Canon EOS C300 – a new modular design for professionals and studios, set to compete even with the likes of RED One


Canon EOS C300
While Canon is well known in the word of digital cameras, you don’t hear much about their other products in the audiovisual niche, specifically high end cameras. Canon has had a line ever since they started making their (pretty good) consumer cameras, yet most of the times, they’ve been overshadowed by the competition, which has more experience and sometimes better prices.

But Canon is doing pretty well regardless, and just recently, they’ve updated their professional cameras line with the EOS C300 – a modular digital camera for cinematographers, videographers and anyone who intends to use it for filming some serious production (movies, TV shows, feature films, etc.).

The C300 is not your usual pro camcorder, either – unlike the older Canon cameras, it features a new modular design, much like the famous RED One and the new Scarlet, while the cost is even lower (although the specs are a bit behind, too). It looks quite impressive and it definitely will be great for people who need the flexibility, but the accessories range is pretty limited at the moment, although that will undoubtedly change in the future.

The internal specs are top of the line, as well, with Canon equipping the EOS C300 with a new 8.3 megapixels CMOS sensor, which is modeled on the Super 35 mm 3-perf motion picture film standard and is able to deliver a full bandwidth to each color channel without the need for debayering, leading to a clear and sharp image with true to life colors. The sensor also has a shallow depth of field, high signal-to-noise ratio and reduced rolling shutter artifacts – pretty much in line with the older top of the line professional cameras, which were huge and cost a lot more just a decade ago.

The camera itself is relatively small and light, measuring 133mm x 171mm x 179mm and weighing 1430 grams, but the accessories add to the bulk pretty quickly. The controls are positioned around the body and duplicated to allow for quick access from any position, giving the cameraman as much flexibility a possible. The housing itself is dust and splash proof to allow for use in outdoors conditions, and the cooling system is designed to allow for pretty much limitless shooting time, as long as you have an external source of power.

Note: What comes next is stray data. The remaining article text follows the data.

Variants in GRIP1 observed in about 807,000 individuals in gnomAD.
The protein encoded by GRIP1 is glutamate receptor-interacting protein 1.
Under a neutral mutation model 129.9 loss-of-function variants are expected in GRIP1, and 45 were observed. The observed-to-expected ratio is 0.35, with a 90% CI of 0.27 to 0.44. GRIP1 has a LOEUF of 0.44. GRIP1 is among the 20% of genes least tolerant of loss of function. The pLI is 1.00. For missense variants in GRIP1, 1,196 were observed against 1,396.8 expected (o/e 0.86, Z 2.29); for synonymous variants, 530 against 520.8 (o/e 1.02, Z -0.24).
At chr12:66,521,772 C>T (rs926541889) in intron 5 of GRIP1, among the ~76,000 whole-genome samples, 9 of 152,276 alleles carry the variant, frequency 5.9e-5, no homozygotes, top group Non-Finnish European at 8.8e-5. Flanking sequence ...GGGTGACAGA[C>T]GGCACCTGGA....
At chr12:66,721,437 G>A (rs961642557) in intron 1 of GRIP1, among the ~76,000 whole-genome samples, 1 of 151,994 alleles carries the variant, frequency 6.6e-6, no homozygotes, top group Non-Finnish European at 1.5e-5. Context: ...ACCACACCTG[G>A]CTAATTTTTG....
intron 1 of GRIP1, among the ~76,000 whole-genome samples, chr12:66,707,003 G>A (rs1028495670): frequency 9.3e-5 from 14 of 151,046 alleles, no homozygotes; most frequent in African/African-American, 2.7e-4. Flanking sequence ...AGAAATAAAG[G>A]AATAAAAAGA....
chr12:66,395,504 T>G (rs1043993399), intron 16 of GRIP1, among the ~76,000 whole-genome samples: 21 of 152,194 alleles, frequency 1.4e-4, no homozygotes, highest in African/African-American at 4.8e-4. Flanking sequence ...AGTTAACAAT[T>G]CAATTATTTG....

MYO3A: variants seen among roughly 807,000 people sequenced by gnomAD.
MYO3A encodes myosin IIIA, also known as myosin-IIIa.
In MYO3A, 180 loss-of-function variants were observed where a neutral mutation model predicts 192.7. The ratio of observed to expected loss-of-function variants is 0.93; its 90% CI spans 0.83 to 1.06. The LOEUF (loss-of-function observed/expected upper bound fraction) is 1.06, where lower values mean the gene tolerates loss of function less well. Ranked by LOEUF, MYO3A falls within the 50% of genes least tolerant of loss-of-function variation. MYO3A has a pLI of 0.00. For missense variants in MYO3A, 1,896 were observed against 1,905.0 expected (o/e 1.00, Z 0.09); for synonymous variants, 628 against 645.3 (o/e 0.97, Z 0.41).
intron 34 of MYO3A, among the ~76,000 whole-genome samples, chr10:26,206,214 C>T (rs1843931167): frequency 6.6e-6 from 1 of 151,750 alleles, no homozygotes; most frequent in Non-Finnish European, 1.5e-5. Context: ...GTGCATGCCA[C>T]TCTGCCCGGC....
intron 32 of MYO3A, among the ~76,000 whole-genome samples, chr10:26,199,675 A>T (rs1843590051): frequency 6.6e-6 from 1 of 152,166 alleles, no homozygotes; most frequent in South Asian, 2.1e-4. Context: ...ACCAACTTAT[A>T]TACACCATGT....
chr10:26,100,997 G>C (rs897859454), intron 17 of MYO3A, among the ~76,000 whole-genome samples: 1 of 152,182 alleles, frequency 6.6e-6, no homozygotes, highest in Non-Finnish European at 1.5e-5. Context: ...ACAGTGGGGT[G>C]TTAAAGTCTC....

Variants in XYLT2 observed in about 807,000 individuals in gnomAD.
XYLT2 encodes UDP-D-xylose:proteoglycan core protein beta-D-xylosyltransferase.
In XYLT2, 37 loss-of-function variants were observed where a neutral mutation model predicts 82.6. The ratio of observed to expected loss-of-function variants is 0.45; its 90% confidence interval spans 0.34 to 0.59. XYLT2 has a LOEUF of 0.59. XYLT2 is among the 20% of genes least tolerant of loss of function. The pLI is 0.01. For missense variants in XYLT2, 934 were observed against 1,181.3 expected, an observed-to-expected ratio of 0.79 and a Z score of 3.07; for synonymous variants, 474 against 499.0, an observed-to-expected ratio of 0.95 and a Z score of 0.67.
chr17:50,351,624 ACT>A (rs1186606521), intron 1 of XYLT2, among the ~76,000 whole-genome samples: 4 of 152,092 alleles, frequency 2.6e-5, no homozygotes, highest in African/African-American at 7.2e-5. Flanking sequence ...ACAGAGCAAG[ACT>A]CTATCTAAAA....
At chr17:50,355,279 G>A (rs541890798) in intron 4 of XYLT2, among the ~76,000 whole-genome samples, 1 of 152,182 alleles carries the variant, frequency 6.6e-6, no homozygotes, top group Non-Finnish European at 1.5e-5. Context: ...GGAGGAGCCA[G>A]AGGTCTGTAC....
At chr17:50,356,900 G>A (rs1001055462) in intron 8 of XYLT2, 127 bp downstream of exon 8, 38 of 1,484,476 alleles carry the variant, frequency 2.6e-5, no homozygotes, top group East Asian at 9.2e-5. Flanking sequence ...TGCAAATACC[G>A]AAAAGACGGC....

The video and audio recorded is stored in a standardized file format using an MXF wrapper, and you’ll be able to edit the footage on pretty much any professional NLE system. The recording itself is done to two CompactFlash cards, which are pretty affordable, high capacity and fast, allowing for undisturbed streaming of uncompressed video/audio data without issues. If CF cards aren’t enough for you, you can always stream the data straight to an external hard drive array using the integrated HD/SD-SDI serial interface – you can also use the port to stream to an external monitoring system while recording to CF cards, as well. Obviously, the camera has all the necessary XLR ports and adapters, to allow for a maximum extension of capabilities.

The pricing of the new Canon EOS C300 hasn’t been announced yet, but it’s expected to be much less than the RED cameras, and that makes it a perfect choice for beginner cinematographers and companies who want to start a studio or create a TV show using their own equipment and locations.


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